For the son of man did not come to be ministered to, but to minister, and to give his life as ransom for all.”
45 nam et Filius hominis non venit, ut ministraretur ei, sed ut ministraret et daret animam suam redemptionem pro multis”.
This really steps into a big theological debate: what was the meaning of Jesus’ sacrifice. The base root of the Greek word, << λύτρον >> is ‘ransom’, but the meaning can also be as neutral as recompense for labor. In between is the sense of being the price of manumission for a slave. Now, if Jesus was ransom, to whom was it paid? The Devil? But then, does this not imply that the Devil had some sort of hold over God, so that God has to send his son to pay off the Devil? That is what ‘ransom’ means. And this isn’t much changed if we prefer ‘price of manumission’, because we still have to ask to whom this price was paid, and we are presented with mostly the same choice(s).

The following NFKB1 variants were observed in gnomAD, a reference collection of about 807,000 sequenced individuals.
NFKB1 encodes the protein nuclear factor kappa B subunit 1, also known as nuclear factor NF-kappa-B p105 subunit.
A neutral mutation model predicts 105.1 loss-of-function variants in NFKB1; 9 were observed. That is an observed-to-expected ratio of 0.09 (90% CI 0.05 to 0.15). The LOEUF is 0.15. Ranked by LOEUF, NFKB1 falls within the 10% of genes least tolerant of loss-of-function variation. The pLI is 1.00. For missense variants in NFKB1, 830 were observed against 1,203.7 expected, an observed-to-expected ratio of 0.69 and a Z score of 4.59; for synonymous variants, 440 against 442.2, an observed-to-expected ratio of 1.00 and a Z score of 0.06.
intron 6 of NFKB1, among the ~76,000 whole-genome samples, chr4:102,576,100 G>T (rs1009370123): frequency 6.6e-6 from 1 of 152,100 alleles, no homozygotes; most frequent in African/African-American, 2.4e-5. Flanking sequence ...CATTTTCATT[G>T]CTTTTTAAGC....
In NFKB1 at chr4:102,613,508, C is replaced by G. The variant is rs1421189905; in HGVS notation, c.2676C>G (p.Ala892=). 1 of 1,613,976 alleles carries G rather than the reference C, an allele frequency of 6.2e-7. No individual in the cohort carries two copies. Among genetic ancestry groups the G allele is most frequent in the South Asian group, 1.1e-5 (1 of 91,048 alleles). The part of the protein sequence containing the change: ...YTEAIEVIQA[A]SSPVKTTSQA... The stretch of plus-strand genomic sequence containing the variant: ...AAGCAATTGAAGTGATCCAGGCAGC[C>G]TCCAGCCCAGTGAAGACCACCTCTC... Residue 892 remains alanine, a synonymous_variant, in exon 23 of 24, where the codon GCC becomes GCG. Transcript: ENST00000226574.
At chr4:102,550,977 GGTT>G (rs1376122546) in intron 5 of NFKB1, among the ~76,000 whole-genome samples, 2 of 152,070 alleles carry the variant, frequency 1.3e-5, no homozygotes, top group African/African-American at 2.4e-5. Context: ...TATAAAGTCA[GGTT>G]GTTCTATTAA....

There is much, much more to this discussion. Norman Cantor, in his most highly excellent “Medieval History” has a terrific discussion of the main points of this debate, but handled as an historian, so it doesn’t get too bogged down in the minutiae of the theology. Suffice it to say that, really, this issue has never been settled conclusively, to anyone’s full satisfaction. As for Cantor’s book, I’ve read the first edition probably a dozen times, and it’s easily on my ‘favourite books’ list. I have also read the second edition, but only once. I prefer the first.
Posted on May 27, 2013, in gospel commentary, gospels, mark's gospel and tagged Bible, Bible commentary, Bible scholarship, biblical scholarship, commenting, gospel commentary, gospels, Historical Jesus, mark's gospel, New Testament, New Testament Greek Translation, NT Greek, NT Translation, religion, St Mark, theology, Translate Greek NT. Bookmark the permalink. Leave a comment.